Homogeneous differential equation
A differential equation can be homogeneous in either of two respects.
A first order differential equation is said homogeneous if it may be written
where f and g are homogeneous functions of the same degree of x and y. In this case, the change of variable y = ux leads to an equation of the form
which is easy to solve by integrating the two members.
Otherwise, a differential equation is homogeneous, if it is a homogeneous function of the unknown function and its derivatives. In the case of linear differential equations, this means that there is no constant terms. The solutions of any linear ordinary differential equation of any order may be deduced by integration from the solution of the homogeneous equation obtained by removing the constant term.
Homogeneous type of first-order differential equations
Navier–Stokes differential equations used to simulate airflow around an obstruction.
A first-order ordinary differential equation in the form:
In the quotient , we can let to simplify this quotient to a function of the single variable :
thus transforming the original differential equation into the separable form
this form can now be integrated directly (see ordinary differential equation).
The equations in this discussion are not to be used as formulary for solutions; they are shown just to demonstrate the method of solution.
A first order differential equation of the form (a, b, c, e, f, g are all constants)
where af ≠ be can be transformed into a homogeneous type by a linear transformation of both variables ( and are constants):
Homogeneous linear differential equations
A linear differential equation is homogeneous if it is a homogeneous linear equation in the unknown function and its derivatives. It follows that, if is a solution, so is , for any (non-zero) constant c. In order for this condition to hold, each nonzero term of the linear differential equation must depend on the unknown function or any derivative of it. A linear differential equation that fails this condition is called inhomogeneous.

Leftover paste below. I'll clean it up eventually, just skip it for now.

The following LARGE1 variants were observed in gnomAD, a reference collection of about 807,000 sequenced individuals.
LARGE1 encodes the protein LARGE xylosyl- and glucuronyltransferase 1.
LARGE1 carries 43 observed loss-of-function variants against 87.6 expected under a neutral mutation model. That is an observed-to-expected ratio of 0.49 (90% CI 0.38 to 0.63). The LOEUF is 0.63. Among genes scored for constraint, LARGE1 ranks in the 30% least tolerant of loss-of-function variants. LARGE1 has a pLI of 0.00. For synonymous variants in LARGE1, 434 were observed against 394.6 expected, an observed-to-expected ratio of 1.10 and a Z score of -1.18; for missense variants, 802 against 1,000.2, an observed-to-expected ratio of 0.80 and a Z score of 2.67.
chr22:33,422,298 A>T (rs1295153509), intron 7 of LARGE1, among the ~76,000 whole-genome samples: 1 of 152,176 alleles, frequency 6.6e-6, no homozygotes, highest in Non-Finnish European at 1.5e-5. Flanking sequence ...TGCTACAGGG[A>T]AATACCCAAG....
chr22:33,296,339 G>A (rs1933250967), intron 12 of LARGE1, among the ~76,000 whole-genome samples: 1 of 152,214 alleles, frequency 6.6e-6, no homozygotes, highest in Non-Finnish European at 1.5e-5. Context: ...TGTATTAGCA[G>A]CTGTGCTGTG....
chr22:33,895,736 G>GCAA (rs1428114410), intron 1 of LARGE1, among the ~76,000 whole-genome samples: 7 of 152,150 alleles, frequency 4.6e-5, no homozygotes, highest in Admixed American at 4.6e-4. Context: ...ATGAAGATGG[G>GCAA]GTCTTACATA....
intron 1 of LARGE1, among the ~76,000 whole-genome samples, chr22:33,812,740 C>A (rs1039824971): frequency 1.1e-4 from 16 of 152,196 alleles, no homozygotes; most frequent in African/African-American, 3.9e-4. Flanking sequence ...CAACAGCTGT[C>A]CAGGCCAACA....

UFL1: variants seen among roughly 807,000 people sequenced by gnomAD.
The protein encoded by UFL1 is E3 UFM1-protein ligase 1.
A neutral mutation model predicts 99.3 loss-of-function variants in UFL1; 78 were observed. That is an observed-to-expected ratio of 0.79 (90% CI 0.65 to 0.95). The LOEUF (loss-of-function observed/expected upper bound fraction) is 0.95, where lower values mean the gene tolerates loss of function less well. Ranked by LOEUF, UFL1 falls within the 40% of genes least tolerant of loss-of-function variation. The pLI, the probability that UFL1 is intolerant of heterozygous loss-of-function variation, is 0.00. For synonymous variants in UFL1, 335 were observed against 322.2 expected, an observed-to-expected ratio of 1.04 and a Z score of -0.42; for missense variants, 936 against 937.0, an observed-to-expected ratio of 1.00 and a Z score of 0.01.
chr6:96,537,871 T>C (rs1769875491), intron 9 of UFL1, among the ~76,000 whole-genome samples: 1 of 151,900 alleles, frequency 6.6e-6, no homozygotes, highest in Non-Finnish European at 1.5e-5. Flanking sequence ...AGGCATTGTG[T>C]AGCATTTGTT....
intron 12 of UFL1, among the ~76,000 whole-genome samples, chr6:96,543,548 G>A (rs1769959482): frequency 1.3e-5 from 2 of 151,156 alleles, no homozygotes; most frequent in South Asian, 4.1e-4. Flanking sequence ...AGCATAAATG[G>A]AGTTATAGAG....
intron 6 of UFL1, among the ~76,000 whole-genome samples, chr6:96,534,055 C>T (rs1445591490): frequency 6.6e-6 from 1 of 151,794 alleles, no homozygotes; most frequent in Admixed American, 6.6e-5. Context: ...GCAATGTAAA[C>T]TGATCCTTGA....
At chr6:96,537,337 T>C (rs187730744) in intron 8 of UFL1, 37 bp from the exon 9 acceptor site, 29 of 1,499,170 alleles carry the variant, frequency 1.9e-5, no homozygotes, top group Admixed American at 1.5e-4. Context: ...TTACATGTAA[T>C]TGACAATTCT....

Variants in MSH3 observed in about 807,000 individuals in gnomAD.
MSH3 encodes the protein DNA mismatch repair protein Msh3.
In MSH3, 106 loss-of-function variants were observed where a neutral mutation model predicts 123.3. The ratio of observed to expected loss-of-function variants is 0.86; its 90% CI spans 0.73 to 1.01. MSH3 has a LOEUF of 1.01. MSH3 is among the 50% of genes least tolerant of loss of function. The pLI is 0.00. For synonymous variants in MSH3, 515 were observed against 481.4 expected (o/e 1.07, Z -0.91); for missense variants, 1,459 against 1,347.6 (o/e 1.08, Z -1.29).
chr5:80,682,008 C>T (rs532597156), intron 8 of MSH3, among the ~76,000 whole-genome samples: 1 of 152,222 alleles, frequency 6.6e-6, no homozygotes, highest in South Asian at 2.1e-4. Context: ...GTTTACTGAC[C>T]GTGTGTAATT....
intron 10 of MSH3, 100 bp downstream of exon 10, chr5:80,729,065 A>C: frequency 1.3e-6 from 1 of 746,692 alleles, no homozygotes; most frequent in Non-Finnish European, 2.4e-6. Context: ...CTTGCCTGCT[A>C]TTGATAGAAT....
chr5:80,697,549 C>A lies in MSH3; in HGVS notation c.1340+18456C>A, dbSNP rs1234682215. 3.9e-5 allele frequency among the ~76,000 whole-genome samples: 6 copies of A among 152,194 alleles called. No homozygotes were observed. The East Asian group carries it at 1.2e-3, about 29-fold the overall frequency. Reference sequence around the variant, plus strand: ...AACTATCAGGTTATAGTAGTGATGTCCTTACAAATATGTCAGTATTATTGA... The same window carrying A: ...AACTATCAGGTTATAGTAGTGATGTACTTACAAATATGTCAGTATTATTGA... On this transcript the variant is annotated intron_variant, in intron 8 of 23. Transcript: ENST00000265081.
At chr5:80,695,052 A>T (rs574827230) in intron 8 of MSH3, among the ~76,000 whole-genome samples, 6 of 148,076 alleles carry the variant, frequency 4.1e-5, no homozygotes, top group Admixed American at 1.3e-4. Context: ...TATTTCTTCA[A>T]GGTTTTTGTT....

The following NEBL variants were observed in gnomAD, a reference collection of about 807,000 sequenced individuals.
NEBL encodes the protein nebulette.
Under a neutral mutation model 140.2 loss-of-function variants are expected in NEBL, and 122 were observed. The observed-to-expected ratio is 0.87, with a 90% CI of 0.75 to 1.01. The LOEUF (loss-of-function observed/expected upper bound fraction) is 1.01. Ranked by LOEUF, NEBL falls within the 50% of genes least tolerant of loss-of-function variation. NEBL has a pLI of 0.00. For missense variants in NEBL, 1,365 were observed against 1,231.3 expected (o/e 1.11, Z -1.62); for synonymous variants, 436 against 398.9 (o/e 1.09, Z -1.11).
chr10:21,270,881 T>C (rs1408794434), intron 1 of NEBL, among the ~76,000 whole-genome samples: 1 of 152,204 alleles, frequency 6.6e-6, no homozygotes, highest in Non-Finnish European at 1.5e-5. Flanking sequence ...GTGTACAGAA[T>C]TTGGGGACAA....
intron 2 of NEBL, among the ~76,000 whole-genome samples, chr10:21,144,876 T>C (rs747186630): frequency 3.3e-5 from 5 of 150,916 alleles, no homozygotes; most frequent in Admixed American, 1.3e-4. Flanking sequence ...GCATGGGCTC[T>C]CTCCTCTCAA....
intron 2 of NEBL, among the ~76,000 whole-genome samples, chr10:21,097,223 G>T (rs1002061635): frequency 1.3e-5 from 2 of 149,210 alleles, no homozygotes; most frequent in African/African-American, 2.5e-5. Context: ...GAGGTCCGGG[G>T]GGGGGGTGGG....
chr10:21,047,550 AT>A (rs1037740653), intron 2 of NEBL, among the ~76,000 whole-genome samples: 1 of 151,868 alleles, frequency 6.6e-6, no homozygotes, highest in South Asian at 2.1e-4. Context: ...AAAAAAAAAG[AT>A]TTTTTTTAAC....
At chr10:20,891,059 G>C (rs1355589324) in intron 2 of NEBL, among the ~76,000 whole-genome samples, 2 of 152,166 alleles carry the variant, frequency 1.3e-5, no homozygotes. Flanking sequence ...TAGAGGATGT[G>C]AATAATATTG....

A linear differential equation can be represented as a linear operator acting on y(x) where x is usually the independent variable and y is the dependent variable. Therefore, the general form of a linear homogeneous differential equation is
where L is a differential operator, a sum of derivatives (defining the "0th derivative" as the original, non-differentiated function), each multiplied by a function of x:
where may be constants, but not all may be zero.
For example, the following differential equation is homogeneous:
whereas the following two are inhomogeneous:
The existence of a constant term is a sufficient condition for an equation to be inhomogeneous, as in the above example.
- Ince 1956, p. 18
- Boyce, William E.; DiPrima, Richard C. (2012), Elementary differential equations and boundary value problems (10th ed.), Wiley, ISBN 978-0470458310. (This is a good introductory reference on differential equations.)
- Ince, E. L. (1956), Ordinary differential equations, New York: Dover Publications, ISBN 0486603490. (This is a classic reference on ODEs, first published in 1926.)